Thoughts, lists and other compulsive bits about baseball from comedian filmmaker television producer/Red Sox fan Paul Francis Sullivan....
feel free to call him “Sully.”
Sunday, June 20, 2010
You want to know the problem with the Red Sox of the early 1980s was?
I mean besides the fact that Don Zimmer was the manager...
THESE were our future stars! Not exactly a Cooperstown bound roll call here?
The immortal Joel Finch was featured on BOTH cards... which was ironic because he only pitched in one season in the bigs. 1979. He went 0-3 with a 4.87 ERA. He actually pitched well in a few games, but a few bad outings butchered his ERA. (Letting up 5 runs in 1/3 of an innings like he did on July 23rd will do that.)
Garry Hancock hit for decent power and a high average for Pawtucket in 1978 and 1979 and when Fred Lynn went down to inuries in 1980, Hancock became the starting center fielder. Maybe the front office thought he could replace Lynn when they dealt Freddie to the Angels before the 1981 season. It didn't happen. Injuries and ineffectiveness limited him to 37 games and a .112 average for 1981 and 1982 combined before he was traded to Oakland.
Allen Ripley kept putting up double digit win totals with low ERAs in the minors and the Norwood, Massachusetts native looked like he would fill in perfectly for the departed Bill Lee, Luis Tiant and Fergie Jenkins. It never worked out and he was dealt to the Giants after the 1979 season.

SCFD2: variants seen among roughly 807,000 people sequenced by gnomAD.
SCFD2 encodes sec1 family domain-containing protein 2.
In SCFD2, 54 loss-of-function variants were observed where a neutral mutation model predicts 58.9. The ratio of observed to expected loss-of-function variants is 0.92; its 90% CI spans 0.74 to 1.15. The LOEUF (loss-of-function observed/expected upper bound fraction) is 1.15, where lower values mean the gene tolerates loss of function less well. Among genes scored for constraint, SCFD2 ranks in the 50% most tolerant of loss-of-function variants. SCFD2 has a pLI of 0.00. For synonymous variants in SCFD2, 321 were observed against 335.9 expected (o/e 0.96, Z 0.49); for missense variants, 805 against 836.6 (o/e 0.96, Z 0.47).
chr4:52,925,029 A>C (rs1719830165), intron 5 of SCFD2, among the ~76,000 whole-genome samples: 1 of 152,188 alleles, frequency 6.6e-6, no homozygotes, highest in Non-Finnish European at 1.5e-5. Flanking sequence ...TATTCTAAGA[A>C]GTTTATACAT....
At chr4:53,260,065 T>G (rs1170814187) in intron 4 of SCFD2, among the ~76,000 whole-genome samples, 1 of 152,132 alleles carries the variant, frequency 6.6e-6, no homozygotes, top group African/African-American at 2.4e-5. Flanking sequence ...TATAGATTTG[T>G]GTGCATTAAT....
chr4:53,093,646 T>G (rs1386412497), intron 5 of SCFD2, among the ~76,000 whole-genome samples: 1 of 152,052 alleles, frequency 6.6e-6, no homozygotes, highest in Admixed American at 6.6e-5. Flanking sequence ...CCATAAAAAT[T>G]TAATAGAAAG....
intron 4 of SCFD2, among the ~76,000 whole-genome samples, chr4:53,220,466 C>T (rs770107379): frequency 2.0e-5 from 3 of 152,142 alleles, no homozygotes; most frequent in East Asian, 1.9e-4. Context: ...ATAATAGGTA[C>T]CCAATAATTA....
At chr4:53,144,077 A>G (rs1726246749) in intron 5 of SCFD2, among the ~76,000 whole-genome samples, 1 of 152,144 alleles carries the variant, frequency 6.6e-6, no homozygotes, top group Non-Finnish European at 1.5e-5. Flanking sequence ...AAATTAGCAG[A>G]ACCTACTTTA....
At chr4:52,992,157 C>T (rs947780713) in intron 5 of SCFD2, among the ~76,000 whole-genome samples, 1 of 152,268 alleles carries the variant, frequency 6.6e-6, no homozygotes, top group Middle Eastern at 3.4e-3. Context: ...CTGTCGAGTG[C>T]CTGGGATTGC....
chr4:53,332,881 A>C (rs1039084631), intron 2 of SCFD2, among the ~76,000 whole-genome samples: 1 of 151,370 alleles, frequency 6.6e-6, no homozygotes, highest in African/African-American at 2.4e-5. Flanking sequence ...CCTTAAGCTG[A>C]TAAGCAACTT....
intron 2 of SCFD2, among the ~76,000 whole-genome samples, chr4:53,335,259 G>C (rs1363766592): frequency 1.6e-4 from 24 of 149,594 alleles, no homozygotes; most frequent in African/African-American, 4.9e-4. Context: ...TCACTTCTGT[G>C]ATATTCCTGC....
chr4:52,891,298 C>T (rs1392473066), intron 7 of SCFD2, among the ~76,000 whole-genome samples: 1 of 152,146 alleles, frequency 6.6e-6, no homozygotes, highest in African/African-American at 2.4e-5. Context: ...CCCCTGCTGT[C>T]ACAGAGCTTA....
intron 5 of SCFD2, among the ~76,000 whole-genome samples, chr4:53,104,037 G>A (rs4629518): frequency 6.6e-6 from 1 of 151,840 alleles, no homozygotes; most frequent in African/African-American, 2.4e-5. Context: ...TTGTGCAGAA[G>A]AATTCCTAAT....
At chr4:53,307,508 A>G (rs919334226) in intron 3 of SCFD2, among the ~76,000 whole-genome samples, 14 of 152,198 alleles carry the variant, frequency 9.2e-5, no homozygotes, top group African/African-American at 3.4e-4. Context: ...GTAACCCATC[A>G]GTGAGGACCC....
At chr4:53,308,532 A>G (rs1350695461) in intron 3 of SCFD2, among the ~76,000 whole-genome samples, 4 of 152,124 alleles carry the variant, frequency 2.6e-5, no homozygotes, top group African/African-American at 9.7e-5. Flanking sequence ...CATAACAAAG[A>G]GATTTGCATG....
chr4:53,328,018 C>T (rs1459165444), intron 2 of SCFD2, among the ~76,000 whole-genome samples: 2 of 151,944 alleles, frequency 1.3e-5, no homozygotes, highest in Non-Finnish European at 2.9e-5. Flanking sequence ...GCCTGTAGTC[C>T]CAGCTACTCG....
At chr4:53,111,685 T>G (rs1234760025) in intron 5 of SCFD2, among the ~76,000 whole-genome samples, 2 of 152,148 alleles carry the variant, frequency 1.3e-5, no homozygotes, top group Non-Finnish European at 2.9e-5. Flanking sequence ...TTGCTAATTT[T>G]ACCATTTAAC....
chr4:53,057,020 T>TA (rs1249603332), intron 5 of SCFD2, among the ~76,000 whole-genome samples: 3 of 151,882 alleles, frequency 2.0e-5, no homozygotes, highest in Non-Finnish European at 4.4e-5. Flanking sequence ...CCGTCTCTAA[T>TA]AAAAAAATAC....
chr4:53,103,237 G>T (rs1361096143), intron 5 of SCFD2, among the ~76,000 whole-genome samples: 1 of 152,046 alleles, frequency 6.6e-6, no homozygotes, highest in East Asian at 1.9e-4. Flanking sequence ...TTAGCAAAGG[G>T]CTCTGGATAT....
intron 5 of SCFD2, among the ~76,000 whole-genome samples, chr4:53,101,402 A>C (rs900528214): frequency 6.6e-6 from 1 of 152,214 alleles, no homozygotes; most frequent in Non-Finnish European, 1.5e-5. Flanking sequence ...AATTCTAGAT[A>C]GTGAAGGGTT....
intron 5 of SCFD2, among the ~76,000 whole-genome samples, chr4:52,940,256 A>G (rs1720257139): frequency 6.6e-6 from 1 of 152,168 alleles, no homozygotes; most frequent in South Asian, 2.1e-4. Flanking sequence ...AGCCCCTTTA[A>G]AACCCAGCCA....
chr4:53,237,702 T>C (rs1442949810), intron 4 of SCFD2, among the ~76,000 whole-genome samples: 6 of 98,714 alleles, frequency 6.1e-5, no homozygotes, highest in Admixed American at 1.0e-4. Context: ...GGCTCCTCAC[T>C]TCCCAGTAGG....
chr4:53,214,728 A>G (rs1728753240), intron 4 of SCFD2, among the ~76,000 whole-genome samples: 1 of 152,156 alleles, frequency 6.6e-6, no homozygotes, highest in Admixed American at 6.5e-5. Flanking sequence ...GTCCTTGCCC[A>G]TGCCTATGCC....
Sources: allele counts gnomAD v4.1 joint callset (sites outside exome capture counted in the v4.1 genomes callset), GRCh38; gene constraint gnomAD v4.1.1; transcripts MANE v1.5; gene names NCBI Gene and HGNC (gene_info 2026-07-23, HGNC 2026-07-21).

Mike O'Berry is one of the most obscure potential Carlton Fisk replacements ever... and in a sea of Bob Montgomeries, Gary Allensons, Fred Kendalls and Dave Raders, that's saying something! O'Berry was actually a lousy hitter in the minor leagues, hitting around .200 or worse at each level. He must have called a good game to be considered a future star. He hit .169 in 43 games for the Sox in 1979. The Future Star card came out in 1980. By the time I opened that pack, he was already sent packing to the Cubs. We wound up playing for 6 teams in 7 seasons.
Chuck Rainey looked pretty good in 1979 and the rotation needed some young blood. But injuries got the better of him and after the 1982 season he was dealt away to the Cubs. In my 83 Fleer Guy post, I pointed out that Chuck Rainey was rubbing a baseball on his crotch in his picture.
So there you have it! The Haywood Sullivan/Buddy LeRoux run farm system calls this a bumper crop.
Add that to the genius of Don Zimmer in the dugout and you have an idea how a team loaded with superstars and future Hall of Famers kept falling short.